Colorado Mesa University Department of Theatre Arts has outdone itself yet again with its spring production of “My Fair Lady.” Like a clock with all its working parts, every aspect from the intricately designed sets, to the avant-garde costumes, to its talented performers moved in perfect unison.

“My Fair Lady” is a lengthy performance. The first act is over 90 minutes and the second act is about 60 minutes; the play a bit longer than most. As someone who can only watch BBC’s “Sherlock” with subtitles, accents have never been my forte. One could be fearful within the first few acts that they would never be able to understand the heavy cockney accents. However, as time went on, the easier it became to comprehend the thick vernacular.

Every stagehand and prop master, every painter and architect, every single person involved with the setting up the stage is deserving of an award. The massive pieces used to create Professor Higgins’ elaborate study hold such incredible detail that one could find a new, unnoticed element every time the scene changed.

Jill Van Brussel, the costume designer, created the most magnificent costumes. Out of the seven plays I’ve had the privilege to watch at Colorado Mesa University, the costumes for this play are truly extraordinary. The vast amount of petticoats, ballgowns, Edwardian era tuxedos and British women’s eccentric hats at the horse races show Van Brussel’s exquisite eye to detail.

Musicals are a marvel to non-talented folks like myself because the ability to sing on key while dancing and twirling is a skill gifted to only a few. Mr. Higgins’ servants, (WM. Riley Holmes, Alyssa Gose, Katelyn Craig, Mariel Goffredi and Anna Dworkin) were able to dance and sing with such precision and in perfect harmony that it was almost eerie.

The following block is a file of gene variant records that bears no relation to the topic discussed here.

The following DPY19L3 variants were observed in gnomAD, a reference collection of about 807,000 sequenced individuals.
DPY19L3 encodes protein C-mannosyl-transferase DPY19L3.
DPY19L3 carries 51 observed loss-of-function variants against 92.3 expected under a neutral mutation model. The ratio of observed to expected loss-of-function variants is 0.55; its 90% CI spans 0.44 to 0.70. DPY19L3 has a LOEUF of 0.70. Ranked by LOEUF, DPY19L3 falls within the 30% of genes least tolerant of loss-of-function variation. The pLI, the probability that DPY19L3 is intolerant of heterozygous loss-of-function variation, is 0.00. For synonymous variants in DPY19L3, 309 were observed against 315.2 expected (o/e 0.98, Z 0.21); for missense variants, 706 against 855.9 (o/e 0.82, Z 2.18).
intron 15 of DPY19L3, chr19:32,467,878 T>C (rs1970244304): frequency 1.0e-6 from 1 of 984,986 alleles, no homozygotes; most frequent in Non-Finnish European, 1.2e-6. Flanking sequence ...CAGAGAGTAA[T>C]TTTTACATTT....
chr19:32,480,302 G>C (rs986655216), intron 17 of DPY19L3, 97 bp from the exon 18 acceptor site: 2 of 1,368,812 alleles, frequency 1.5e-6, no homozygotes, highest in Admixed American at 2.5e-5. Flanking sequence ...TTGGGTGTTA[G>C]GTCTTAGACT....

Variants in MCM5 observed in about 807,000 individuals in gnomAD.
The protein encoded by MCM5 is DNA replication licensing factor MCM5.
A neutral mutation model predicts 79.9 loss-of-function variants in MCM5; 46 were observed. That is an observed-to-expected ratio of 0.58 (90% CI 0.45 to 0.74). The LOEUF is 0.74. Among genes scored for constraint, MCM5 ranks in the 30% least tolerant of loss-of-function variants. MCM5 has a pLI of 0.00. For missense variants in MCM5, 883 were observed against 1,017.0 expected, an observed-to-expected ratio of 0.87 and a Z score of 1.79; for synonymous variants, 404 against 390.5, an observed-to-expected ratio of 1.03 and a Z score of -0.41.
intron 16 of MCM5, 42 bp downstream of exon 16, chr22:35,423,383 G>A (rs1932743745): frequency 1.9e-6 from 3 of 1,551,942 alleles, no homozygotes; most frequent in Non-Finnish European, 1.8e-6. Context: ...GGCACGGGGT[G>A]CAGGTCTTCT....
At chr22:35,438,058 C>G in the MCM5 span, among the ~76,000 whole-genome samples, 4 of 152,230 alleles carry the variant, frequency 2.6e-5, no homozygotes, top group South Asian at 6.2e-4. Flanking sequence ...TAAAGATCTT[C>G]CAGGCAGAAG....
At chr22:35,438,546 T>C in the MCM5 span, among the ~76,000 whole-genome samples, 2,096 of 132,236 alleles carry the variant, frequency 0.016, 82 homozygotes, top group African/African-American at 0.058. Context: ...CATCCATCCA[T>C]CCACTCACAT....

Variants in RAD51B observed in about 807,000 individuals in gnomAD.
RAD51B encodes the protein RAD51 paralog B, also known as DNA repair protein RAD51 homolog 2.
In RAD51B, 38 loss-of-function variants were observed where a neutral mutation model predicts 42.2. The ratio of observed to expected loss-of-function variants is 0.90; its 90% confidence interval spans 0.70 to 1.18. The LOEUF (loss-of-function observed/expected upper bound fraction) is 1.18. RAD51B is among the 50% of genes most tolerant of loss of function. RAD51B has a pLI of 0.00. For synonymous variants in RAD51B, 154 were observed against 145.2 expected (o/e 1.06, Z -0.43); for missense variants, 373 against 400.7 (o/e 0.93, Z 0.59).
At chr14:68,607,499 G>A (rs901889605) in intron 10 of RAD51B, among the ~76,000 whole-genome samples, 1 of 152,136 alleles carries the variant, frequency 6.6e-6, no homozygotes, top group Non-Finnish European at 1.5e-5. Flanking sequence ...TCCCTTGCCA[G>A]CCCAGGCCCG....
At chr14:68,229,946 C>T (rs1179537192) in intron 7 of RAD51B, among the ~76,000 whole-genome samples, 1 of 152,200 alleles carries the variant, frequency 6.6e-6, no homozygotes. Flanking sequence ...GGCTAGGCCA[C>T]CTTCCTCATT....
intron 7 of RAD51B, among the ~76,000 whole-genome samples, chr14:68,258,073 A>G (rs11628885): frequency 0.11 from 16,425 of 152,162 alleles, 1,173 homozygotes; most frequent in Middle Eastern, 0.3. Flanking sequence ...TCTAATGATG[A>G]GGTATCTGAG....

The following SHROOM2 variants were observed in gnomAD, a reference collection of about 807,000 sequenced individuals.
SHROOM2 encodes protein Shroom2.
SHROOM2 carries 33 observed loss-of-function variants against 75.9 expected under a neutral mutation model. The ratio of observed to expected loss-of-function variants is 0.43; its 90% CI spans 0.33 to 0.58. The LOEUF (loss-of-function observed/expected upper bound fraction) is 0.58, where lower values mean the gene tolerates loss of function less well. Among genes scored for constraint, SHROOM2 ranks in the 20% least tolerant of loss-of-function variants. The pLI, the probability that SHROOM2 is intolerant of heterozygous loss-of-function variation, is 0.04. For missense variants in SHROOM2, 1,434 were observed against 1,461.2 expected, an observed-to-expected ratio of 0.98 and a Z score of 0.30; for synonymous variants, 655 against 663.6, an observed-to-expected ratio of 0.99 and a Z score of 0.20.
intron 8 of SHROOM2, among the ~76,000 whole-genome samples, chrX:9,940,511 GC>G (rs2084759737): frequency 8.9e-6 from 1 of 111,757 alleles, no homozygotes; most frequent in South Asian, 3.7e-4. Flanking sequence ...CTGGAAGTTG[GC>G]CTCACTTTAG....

Alfred Dolittle, played by Keith McKay, offers a wonderful comedic relief when scenes become tense.

Henry Higgins, a professor of phonetics, is played by sophomore Joe Castinado. Being able to show a lot of emotional range is difficult to portray in a character that is blunt as Higgins, yet Castinado’s performance was able to capture a brilliance beyond his age.

Eliza Dolittle, played by fellow sophomore Heidi Snider, is absolutely sensational during her performance. In the opening scenes of “My Fair Lady,” Snider’s heavy cockney vernacular is akin to nails on a chalkboard. Throughout the play, her transition into a high class lady is as graceful as her voice is lovely. Snider is a delight to watch, and hopefully this won’t be the last we see of her in Moss Performing Arts Center.

“My Fair Lady” is a dazzling performance and one students won’t want to miss.

The show runs from Feb. 23-March 4.


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